East Rock borders I-91 to the east, Whitney Ave to the west, and is just a mile north of Downtown. The median home value here is slightly higher at $354,760, and the average monthly rent is $1,322. Not surprising because of its proximity to the Yale campus, 77% of East Rock residents rent their homes and only 23% own.
Nearby schools include Wilbur Cross High School, rated 2/10 on greatschools.org; Worthington Hooker Elementary, 7/10; and Academy of New Haven, 3/10.
East Rock has a good array of cafes, restaurants, and bars, including The Pantry, Archie Moore’s, and JP Dempsey’s; of course there are many more options about a mile away from Downtown. For activities, 425-acre East Rock Park, at the northern edge of the neighborhood, is a popular hiking area. Right within the neighborhood you’ll also find Elm City Wellness, a highly-rated spa, and Escape New Haven, a popular live-action escape room. If you’re looking for a slightly more urban vibe that still provides the comforts and amenities of a residential area close to Downtown, the neighborhood of East Rock may be the one for you.
Located just west of the East Rock neighborhood is the residential neighborhood of Dixwell. Slightly removed from Downtown activity, this neighborhood sits among several mini markets and liquor stores, a public library, playground, a few churches, a pharmacy, and a couple of fast-food options.
With a population of about 6,270 residents, Dixwell consists of primarily single-family homes and apartments. Bordered by Munson St to the north, Whalley Ave to the south, Mansfield St to the east, and Sherman Ave to the west, Downtown is just a mile south. Here, the median home value is $149,537, and the average monthly rent is $1,017, a little less than the Downtown neighborhood. About 86% of Dixwell residents rent their homes and 14% own.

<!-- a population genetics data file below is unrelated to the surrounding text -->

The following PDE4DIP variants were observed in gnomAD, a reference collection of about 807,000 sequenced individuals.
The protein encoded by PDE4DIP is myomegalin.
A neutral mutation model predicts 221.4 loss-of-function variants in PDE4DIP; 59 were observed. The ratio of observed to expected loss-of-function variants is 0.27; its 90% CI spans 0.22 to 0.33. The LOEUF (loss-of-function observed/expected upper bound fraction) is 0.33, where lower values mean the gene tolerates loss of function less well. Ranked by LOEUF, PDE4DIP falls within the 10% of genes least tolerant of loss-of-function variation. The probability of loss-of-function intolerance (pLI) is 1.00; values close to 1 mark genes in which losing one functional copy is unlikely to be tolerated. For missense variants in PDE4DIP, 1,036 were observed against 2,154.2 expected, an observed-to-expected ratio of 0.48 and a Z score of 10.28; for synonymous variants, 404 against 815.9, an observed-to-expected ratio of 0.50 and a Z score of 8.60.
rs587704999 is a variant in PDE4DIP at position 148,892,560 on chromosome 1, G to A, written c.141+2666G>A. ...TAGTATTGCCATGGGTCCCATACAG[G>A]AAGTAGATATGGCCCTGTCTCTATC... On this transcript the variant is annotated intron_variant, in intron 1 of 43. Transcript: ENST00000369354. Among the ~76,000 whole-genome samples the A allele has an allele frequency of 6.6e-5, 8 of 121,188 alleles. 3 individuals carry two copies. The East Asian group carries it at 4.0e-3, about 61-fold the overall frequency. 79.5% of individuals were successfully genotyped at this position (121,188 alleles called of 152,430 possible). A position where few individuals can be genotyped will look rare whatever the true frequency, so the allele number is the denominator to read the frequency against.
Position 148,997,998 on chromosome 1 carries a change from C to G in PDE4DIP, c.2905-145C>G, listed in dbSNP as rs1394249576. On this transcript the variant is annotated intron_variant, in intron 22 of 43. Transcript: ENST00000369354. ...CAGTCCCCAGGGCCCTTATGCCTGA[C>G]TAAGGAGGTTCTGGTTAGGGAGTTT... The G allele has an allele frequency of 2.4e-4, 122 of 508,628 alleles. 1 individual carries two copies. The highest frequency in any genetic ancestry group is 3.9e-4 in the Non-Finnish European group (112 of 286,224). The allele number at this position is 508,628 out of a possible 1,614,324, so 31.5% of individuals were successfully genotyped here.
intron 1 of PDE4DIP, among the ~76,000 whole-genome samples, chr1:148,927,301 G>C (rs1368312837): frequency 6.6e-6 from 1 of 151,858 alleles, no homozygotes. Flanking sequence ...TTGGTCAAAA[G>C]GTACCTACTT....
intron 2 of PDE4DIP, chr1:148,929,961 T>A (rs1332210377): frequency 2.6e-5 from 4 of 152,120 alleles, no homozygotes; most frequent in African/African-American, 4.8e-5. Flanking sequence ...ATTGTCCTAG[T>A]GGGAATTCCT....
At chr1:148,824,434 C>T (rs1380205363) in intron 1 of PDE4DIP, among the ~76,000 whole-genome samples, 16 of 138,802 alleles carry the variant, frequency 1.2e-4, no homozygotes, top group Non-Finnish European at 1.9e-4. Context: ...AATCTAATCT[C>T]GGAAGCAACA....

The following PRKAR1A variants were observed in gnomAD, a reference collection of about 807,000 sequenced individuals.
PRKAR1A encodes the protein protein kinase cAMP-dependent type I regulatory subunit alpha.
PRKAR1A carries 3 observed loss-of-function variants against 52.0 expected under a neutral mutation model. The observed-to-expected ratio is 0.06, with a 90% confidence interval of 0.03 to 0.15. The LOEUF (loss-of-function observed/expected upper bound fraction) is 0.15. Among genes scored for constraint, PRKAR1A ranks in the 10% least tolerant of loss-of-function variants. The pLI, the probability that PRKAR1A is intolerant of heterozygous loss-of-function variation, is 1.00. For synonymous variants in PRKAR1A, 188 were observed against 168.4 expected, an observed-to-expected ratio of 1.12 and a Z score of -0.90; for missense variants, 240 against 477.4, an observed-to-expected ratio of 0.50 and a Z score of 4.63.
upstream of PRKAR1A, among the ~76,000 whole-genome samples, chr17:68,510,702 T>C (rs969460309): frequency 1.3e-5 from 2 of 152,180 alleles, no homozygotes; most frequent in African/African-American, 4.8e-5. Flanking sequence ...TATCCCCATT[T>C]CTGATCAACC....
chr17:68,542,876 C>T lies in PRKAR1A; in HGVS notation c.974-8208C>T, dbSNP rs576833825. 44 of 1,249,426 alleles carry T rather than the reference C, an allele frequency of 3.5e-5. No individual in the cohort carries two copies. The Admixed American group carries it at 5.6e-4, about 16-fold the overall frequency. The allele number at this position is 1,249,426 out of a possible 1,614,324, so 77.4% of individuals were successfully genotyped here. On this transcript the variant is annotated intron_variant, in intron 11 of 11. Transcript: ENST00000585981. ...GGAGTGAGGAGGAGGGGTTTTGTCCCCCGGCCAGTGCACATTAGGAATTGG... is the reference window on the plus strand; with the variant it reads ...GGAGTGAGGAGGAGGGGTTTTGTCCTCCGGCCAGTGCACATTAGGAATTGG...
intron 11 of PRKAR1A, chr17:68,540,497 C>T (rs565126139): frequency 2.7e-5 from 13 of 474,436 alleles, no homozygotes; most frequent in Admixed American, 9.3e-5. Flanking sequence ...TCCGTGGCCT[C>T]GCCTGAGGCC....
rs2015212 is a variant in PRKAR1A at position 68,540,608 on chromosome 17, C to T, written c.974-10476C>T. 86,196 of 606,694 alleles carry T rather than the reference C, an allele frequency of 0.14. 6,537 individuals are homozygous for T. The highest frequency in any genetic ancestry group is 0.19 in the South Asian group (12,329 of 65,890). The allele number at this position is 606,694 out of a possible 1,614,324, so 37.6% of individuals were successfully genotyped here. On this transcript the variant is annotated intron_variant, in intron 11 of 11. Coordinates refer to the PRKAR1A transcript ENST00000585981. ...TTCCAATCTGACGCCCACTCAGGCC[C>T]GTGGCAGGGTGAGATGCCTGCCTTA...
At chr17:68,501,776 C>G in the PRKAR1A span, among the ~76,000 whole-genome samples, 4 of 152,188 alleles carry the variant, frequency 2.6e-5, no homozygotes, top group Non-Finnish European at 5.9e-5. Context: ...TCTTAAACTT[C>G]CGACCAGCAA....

Nearby schools are the same as for Downtown students and include Worthington Hooker Elementary, 7/10 on greatschools.org; Sound School, rated 5/10; and Cooperative High School, rated 4/10.
While there aren’t many amenities within the neighborhood, residents can zip Downtown to enjoy the restaurants, bars, cafes, and stores, or visit the Connecticut Children’s Museum, Yale Center for British Art, or College Street Music Hall for tunes or comedy, among other attractions. Similar to East Rock in many ways, this neighborhood is a good choice if you’re looking for a perfect balance of activity and peace at an affordable price.
Families will love Westville. Ranked the #3 ‘Best Neighborhood in New Haven’ due to its overall family-friendly atmosphere, good housing, and lower crime rate, the neighborhood of Westville is made up 52% of renters, 48% of homeowners, and 22% of residents are families with children. Located about four miles northwest of Downtown and bordered by the Wilbur Cross Pkwy to the west and Fountain St to the north, this suburban neighborhood keeps residents close enough to the activities of New Haven while also providing a sense of space.
Here, the median home value is $244,318, and the average monthly rent is $1,395. Nearby schools include Edith E. Mackrille School, rated 6/10 on greatschools.org; Worthington Hooker Elementary, rated 7/10; and Sound School, rated 5/10.
Residents of Westville enjoy a short 15-minute drive Downtown for activities and restaurants near Yale University, a 10-minute drive north to West Ridge State Park, or five short minutes east to catch a theatre performance at the Lyric Hall Theater. Families seeking a quieter suburban setting will love living in Westville.